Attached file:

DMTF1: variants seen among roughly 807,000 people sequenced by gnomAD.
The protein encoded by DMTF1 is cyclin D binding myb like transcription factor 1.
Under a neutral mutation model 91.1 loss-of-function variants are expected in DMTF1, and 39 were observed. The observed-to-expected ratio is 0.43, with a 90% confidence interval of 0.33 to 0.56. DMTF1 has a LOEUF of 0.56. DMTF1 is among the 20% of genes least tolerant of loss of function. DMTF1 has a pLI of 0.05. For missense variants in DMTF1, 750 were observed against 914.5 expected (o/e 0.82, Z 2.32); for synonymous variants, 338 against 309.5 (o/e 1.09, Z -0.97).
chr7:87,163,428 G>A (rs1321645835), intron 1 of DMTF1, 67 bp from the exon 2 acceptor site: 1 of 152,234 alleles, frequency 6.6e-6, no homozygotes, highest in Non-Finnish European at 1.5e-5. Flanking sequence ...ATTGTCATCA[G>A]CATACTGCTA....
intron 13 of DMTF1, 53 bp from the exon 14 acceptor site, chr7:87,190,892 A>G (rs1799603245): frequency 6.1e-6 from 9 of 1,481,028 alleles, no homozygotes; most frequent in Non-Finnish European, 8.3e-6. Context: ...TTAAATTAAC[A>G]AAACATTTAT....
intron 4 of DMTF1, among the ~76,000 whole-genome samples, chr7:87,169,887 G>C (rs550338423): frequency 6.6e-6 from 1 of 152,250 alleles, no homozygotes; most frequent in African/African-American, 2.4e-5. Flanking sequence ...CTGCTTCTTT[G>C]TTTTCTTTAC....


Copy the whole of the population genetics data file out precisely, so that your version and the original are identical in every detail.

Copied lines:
DMTF1: variants seen among roughly 807,000 people sequenced by gnomAD.
The protein encoded by DMTF1 is cyclin D binding myb like transcription factor 1.
Under a neutral mutation model 91.1 loss-of-function variants are expected in DMTF1, and 39 were observed. The observed-to-expected ratio is 0.43, with a 90% confidence interval of 0.33 to 0.56. DMTF1 has a LOEUF of 0.56. DMTF1 is among the 20% of genes least tolerant of loss of function. DMTF1 has a pLI of 0.05. For missense variants in DMTF1, 750 were observed against 914.5 expected (o/e 0.82, Z 2.32); for synonymous variants, 338 against 309.5 (o/e 1.09, Z -0.97).
chr7:87,163,428 G>A (rs1321645835), intron 1 of DMTF1, 67 bp from the exon 2 acceptor site: 1 of 152,234 alleles, frequency 6.6e-6, no homozygotes, highest in Non-Finnish European at 1.5e-5. Flanking sequence ...ATTGTCATCA[G>A]CATACTGCTA....
intron 13 of DMTF1, 53 bp from the exon 14 acceptor site, chr7:87,190,892 A>G (rs1799603245): frequency 6.1e-6 from 9 of 1,481,028 alleles, no homozygotes; most frequent in Non-Finnish European, 8.3e-6. Context: ...TTAAATTAAC[A>G]AAACATTTAT....
intron 4 of DMTF1, among the ~76,000 whole-genome samples, chr7:87,169,887 G>C (rs550338423): frequency 6.6e-6 from 1 of 152,250 alleles, no homozygotes; most frequent in African/African-American, 2.4e-5. Flanking sequence ...CTGCTTCTTT[G>C]TTTTCTTTAC....